Why do power stations always look like power stations? That's the tacit question behind AZPA's proposal for a new gas power station in Wedel, Germany, which it envisages as a "green mountain" of topiary. The idea is not so much to disguise the plant as it is to turn it into a local attraction.
A coal-fired power station was built in Wedel in the 1960s to provide electricity to the nearby city of Hamburg and was retrofitted into a combined heat and power (CHP) plant in the 1980s. There are now plans for a new 400-MW gas-fired CHP power station to be built in Wedel later this decade that will be owned and operated by Swedish power company Vattenfall, which also runs the existing coal station.
AZPA's proposal, which pertains to the new power station, takes cues from its location on the banks of the Elbe and the native riparian forest which once prevailed there. Though initially the idea would be to erect a green textile structure to create an immediate visual barrier, this would be replaced over time with meshes that would support climbing vegetation.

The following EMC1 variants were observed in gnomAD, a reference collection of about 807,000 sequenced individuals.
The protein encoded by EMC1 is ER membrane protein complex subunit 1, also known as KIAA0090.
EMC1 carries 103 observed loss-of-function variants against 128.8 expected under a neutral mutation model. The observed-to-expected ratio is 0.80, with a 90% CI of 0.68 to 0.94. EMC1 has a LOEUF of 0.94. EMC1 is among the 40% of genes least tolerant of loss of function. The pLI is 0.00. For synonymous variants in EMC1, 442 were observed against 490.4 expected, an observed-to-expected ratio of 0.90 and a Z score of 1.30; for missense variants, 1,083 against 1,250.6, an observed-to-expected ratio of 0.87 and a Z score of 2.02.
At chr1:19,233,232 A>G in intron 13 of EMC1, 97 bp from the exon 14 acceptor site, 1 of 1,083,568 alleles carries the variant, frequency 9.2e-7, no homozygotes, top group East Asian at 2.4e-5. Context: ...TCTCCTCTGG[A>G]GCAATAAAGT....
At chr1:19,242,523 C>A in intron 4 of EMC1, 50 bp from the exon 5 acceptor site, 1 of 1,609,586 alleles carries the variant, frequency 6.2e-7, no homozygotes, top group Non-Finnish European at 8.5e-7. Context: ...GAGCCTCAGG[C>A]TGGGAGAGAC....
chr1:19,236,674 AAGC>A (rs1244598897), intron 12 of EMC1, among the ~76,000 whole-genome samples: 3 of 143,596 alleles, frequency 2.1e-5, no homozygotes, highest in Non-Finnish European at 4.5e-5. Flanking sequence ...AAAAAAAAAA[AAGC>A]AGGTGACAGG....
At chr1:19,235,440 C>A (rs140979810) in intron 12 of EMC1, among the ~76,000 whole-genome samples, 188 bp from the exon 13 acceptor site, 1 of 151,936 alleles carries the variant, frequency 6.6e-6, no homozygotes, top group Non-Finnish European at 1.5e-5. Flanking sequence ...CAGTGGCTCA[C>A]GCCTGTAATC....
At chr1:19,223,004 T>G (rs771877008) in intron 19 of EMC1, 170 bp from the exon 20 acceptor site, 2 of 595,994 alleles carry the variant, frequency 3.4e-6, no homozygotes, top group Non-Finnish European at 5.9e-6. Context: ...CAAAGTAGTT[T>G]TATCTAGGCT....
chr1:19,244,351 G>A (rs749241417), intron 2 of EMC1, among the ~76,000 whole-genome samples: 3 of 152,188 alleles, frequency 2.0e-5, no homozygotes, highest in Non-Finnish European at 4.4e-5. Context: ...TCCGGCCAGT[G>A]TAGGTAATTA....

As well as climbing plants, trees would be planted around the power station. Initially, fast-growing species would be favored, and taller trees, such as poplars, would be planted nearer to the power station, again creating a visual barrier.
Though both trees and climbing plants will sequester some CO2, the proposal is probably more aesthetically than environmentally motivated. AZPA writes that its proposal attempts to "resolve the conflict between the natural ecology and the manmade environment."
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